Sustainable Furnishings Council Launches Survey for Interior Designers

The findings will will identify what interior designers understand about hazardous chemicals used in the manufacturing of home furnishings.

09/14/2020
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Image by Andreas Breitling from Pixabay
Image by Andreas Breitling from Pixabay

As the 2020 recipient of the American Society of Interior Designers (ASID) Irene Winifred Eno Grant, the Sustainable Furnishings Education Fund, managed by the Sustainable Furnishings Council (SFC), has allocated the $5,000 award toward an interior designer survey titled “What’s it made of?,” with responses due by Wednesday Sept. 30. 

With the ASID grant funded survey, the SFC will identify what interior designers in practice today understand about hazardous chemicals used in the manufacturing of home furnishings. 

The primary goal for the project is to utilize the survey results for developing education materials and resources which support interior designers to effectively design healthier interiors for their clients.

Application to the annual ASID grant is extensive, and grantees must meet criteria for expanding research and knowledge around the impact of interior design on behavior, health and well-being.

In its grant proposal, the SFC cites the need for innovation to eliminate harmful chemicals from industry supply chains, ranging from flame retardants, antimicrobial ingredients, substances known as PFAS, VOCs, and polyvinyl compounds which are nearly ubiquitous in home furnishings product manufacturing.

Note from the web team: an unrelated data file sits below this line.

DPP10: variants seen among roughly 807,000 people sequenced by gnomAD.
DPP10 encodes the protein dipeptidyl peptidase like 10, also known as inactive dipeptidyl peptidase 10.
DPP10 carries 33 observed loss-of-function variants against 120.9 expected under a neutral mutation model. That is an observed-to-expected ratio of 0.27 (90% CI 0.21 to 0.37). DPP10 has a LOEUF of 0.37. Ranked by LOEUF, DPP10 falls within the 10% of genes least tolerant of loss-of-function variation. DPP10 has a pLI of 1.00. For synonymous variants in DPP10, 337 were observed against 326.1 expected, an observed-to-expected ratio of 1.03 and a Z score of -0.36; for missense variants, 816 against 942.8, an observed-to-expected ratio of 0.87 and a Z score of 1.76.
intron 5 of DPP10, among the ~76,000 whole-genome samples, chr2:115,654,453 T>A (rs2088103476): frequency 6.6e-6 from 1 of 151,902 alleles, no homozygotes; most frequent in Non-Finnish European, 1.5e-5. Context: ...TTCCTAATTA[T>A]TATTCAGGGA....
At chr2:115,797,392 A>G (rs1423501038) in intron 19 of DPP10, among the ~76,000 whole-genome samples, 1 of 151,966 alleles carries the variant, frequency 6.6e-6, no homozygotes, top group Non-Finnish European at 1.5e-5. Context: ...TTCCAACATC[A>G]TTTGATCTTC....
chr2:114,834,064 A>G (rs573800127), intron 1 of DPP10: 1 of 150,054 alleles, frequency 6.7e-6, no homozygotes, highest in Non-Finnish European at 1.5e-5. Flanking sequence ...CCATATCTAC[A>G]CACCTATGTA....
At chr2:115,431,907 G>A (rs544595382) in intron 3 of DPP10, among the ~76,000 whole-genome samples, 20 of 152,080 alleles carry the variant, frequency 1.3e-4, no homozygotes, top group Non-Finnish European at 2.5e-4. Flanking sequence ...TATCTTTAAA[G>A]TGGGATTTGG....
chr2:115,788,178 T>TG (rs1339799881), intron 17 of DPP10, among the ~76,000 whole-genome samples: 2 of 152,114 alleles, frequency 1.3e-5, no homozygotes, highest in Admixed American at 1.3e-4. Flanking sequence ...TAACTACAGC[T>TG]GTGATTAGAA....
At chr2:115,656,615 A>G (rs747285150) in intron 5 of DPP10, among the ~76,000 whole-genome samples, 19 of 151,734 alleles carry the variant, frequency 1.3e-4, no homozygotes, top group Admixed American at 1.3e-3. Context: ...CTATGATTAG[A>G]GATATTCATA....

Documented exposure to these toxic materials are tied to a host of health issues, including endocrine disruption, cancer, antibiotic resistance, autoimmune disorders such as asthma, and cognitive and behavior challenges such as ADHD (www.sixclasses.org).

"The ASID grant makes it possible for us to deliver actionable information to the design trade regarding harmful chemicals used in furnishings,” says Susan Inglis, SFC Executive Director, who adds that the designer trade is responsible for close to 25 percent of annual U.S. furniture sales. “It’s clear that interior designers are in a position to make a real difference in reducing environmental pollution.”

“Given the stakes, we are additionally grateful for the ASID’s recognition of the importance of this work,” she says.

The new educational tools are expected to launch in early 2021, but after completing the survey respondents will receive a chart to help them recognize which hazardous items to avoid now.

To participate in the survey, qualified interior designers may complete the 8-minute online questionnaire before 11:59 p.m. EST on the survey close date of Sept. 30. Participants are also eligible to enter a raffle to win an annual SFC membership, or a spot in the SFC GREENleaders educational program.

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